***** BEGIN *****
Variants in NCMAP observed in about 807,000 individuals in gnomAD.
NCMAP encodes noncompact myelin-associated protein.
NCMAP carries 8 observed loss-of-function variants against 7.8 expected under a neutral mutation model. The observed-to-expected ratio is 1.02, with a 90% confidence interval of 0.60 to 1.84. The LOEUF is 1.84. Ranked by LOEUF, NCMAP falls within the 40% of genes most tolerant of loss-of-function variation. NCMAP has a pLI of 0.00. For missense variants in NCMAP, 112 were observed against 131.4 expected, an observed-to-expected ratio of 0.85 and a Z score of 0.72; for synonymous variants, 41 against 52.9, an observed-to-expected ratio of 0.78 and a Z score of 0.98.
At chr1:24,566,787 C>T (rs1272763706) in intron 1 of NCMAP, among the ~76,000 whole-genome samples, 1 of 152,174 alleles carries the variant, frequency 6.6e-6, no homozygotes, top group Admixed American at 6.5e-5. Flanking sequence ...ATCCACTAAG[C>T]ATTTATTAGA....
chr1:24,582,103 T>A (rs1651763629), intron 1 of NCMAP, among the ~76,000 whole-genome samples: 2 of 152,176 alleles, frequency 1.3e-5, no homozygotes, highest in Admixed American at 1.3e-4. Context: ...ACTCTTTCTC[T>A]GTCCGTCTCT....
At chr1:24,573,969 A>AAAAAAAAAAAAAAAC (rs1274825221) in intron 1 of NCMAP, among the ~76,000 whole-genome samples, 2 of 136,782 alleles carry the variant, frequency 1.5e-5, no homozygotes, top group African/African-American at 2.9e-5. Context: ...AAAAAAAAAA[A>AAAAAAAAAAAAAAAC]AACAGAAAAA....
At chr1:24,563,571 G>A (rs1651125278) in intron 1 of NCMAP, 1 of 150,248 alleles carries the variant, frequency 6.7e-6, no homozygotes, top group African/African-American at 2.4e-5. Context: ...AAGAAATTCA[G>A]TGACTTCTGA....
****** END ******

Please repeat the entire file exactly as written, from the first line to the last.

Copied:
Variants in NCMAP observed in about 807,000 individuals in gnomAD.
NCMAP encodes noncompact myelin-associated protein.
NCMAP carries 8 observed loss-of-function variants against 7.8 expected under a neutral mutation model. The observed-to-expected ratio is 1.02, with a 90% confidence interval of 0.60 to 1.84. The LOEUF is 1.84. Ranked by LOEUF, NCMAP falls within the 40% of genes most tolerant of loss-of-function variation. NCMAP has a pLI of 0.00. For missense variants in NCMAP, 112 were observed against 131.4 expected, an observed-to-expected ratio of 0.85 and a Z score of 0.72; for synonymous variants, 41 against 52.9, an observed-to-expected ratio of 0.78 and a Z score of 0.98.
At chr1:24,566,787 C>T (rs1272763706) in intron 1 of NCMAP, among the ~76,000 whole-genome samples, 1 of 152,174 alleles carries the variant, frequency 6.6e-6, no homozygotes, top group Admixed American at 6.5e-5. Flanking sequence ...ATCCACTAAG[C>T]ATTTATTAGA....
chr1:24,582,103 T>A (rs1651763629), intron 1 of NCMAP, among the ~76,000 whole-genome samples: 2 of 152,176 alleles, frequency 1.3e-5, no homozygotes, highest in Admixed American at 1.3e-4. Context: ...ACTCTTTCTC[T>A]GTCCGTCTCT....
At chr1:24,573,969 A>AAAAAAAAAAAAAAAC (rs1274825221) in intron 1 of NCMAP, among the ~76,000 whole-genome samples, 2 of 136,782 alleles carry the variant, frequency 1.5e-5, no homozygotes, top group African/African-American at 2.9e-5. Context: ...AAAAAAAAAA[A>AAAAAAAAAAAAAAAC]AACAGAAAAA....
At chr1:24,563,571 G>A (rs1651125278) in intron 1 of NCMAP, 1 of 150,248 alleles carries the variant, frequency 6.7e-6, no homozygotes, top group African/African-American at 2.4e-5. Context: ...AAGAAATTCA[G>A]TGACTTCTGA....